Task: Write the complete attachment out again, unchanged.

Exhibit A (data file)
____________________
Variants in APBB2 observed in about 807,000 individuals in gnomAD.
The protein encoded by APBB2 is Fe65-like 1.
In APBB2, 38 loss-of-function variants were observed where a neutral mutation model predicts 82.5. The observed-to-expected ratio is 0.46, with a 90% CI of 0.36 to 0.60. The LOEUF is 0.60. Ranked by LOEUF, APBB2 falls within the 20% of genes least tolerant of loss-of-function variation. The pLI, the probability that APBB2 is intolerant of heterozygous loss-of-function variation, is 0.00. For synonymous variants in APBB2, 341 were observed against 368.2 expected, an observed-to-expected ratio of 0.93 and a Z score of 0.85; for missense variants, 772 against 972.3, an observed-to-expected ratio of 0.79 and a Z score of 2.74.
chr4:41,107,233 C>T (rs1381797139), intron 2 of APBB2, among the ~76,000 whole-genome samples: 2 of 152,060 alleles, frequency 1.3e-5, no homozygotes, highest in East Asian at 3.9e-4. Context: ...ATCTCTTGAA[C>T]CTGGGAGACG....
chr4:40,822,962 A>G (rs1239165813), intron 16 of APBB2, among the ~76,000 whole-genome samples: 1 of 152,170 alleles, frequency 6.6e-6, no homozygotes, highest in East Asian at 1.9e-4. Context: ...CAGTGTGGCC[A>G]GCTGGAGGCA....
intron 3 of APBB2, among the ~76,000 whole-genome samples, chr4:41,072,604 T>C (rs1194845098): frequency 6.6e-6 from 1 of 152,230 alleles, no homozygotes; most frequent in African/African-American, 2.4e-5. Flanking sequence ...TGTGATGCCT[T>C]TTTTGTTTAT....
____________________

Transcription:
Variants in APBB2 observed in about 807,000 individuals in gnomAD.
The protein encoded by APBB2 is Fe65-like 1.
In APBB2, 38 loss-of-function variants were observed where a neutral mutation model predicts 82.5. The observed-to-expected ratio is 0.46, with a 90% CI of 0.36 to 0.60. The LOEUF is 0.60. Ranked by LOEUF, APBB2 falls within the 20% of genes least tolerant of loss-of-function variation. The pLI, the probability that APBB2 is intolerant of heterozygous loss-of-function variation, is 0.00. For synonymous variants in APBB2, 341 were observed against 368.2 expected, an observed-to-expected ratio of 0.93 and a Z score of 0.85; for missense variants, 772 against 972.3, an observed-to-expected ratio of 0.79 and a Z score of 2.74.
chr4:41,107,233 C>T (rs1381797139), intron 2 of APBB2, among the ~76,000 whole-genome samples: 2 of 152,060 alleles, frequency 1.3e-5, no homozygotes, highest in East Asian at 3.9e-4. Context: ...ATCTCTTGAA[C>T]CTGGGAGACG....
chr4:40,822,962 A>G (rs1239165813), intron 16 of APBB2, among the ~76,000 whole-genome samples: 1 of 152,170 alleles, frequency 6.6e-6, no homozygotes, highest in East Asian at 1.9e-4. Context: ...CAGTGTGGCC[A>G]GCTGGAGGCA....
intron 3 of APBB2, among the ~76,000 whole-genome samples, chr4:41,072,604 T>C (rs1194845098): frequency 6.6e-6 from 1 of 152,230 alleles, no homozygotes; most frequent in African/African-American, 2.4e-5. Flanking sequence ...TGTGATGCCT[T>C]TTTTGTTTAT....